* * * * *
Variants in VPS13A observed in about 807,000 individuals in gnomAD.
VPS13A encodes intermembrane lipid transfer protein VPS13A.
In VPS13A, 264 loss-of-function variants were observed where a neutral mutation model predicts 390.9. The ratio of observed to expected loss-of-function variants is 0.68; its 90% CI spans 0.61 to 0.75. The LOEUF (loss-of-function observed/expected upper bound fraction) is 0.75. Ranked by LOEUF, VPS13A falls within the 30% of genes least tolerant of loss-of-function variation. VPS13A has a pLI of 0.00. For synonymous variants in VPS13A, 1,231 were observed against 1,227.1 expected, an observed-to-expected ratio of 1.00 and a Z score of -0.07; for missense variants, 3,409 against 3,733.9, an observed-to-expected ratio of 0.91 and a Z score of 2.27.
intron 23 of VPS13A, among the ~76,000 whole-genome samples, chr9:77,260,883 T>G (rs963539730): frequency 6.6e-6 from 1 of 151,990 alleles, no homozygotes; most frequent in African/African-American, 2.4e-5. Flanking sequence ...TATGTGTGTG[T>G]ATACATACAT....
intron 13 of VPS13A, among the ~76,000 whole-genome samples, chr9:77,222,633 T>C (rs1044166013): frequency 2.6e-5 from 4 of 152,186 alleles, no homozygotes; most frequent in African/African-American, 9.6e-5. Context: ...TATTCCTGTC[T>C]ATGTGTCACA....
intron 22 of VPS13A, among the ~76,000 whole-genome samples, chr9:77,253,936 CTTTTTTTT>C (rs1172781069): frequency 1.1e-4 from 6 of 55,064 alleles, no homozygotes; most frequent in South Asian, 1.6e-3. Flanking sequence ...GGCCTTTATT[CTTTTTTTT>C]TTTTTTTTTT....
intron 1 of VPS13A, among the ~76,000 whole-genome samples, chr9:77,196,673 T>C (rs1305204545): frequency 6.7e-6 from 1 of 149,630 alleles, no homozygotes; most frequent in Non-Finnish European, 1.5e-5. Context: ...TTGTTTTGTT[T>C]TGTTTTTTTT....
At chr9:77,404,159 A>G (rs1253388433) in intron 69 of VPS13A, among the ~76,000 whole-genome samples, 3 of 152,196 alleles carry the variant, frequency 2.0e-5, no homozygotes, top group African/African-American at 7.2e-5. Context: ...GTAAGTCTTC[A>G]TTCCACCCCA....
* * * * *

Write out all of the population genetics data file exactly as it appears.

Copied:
Variants in VPS13A observed in about 807,000 individuals in gnomAD.
VPS13A encodes intermembrane lipid transfer protein VPS13A.
In VPS13A, 264 loss-of-function variants were observed where a neutral mutation model predicts 390.9. The ratio of observed to expected loss-of-function variants is 0.68; its 90% CI spans 0.61 to 0.75. The LOEUF (loss-of-function observed/expected upper bound fraction) is 0.75. Ranked by LOEUF, VPS13A falls within the 30% of genes least tolerant of loss-of-function variation. VPS13A has a pLI of 0.00. For synonymous variants in VPS13A, 1,231 were observed against 1,227.1 expected, an observed-to-expected ratio of 1.00 and a Z score of -0.07; for missense variants, 3,409 against 3,733.9, an observed-to-expected ratio of 0.91 and a Z score of 2.27.
intron 23 of VPS13A, among the ~76,000 whole-genome samples, chr9:77,260,883 T>G (rs963539730): frequency 6.6e-6 from 1 of 151,990 alleles, no homozygotes; most frequent in African/African-American, 2.4e-5. Flanking sequence ...TATGTGTGTG[T>G]ATACATACAT....
intron 13 of VPS13A, among the ~76,000 whole-genome samples, chr9:77,222,633 T>C (rs1044166013): frequency 2.6e-5 from 4 of 152,186 alleles, no homozygotes; most frequent in African/African-American, 9.6e-5. Context: ...TATTCCTGTC[T>C]ATGTGTCACA....
intron 22 of VPS13A, among the ~76,000 whole-genome samples, chr9:77,253,936 CTTTTTTTT>C (rs1172781069): frequency 1.1e-4 from 6 of 55,064 alleles, no homozygotes; most frequent in South Asian, 1.6e-3. Flanking sequence ...GGCCTTTATT[CTTTTTTTT>C]TTTTTTTTTT....
intron 1 of VPS13A, among the ~76,000 whole-genome samples, chr9:77,196,673 T>C (rs1305204545): frequency 6.7e-6 from 1 of 149,630 alleles, no homozygotes; most frequent in Non-Finnish European, 1.5e-5. Context: ...TTGTTTTGTT[T>C]TGTTTTTTTT....
At chr9:77,404,159 A>G (rs1253388433) in intron 69 of VPS13A, among the ~76,000 whole-genome samples, 3 of 152,196 alleles carry the variant, frequency 2.0e-5, no homozygotes, top group African/African-American at 7.2e-5. Context: ...GTAAGTCTTC[A>G]TTCCACCCCA....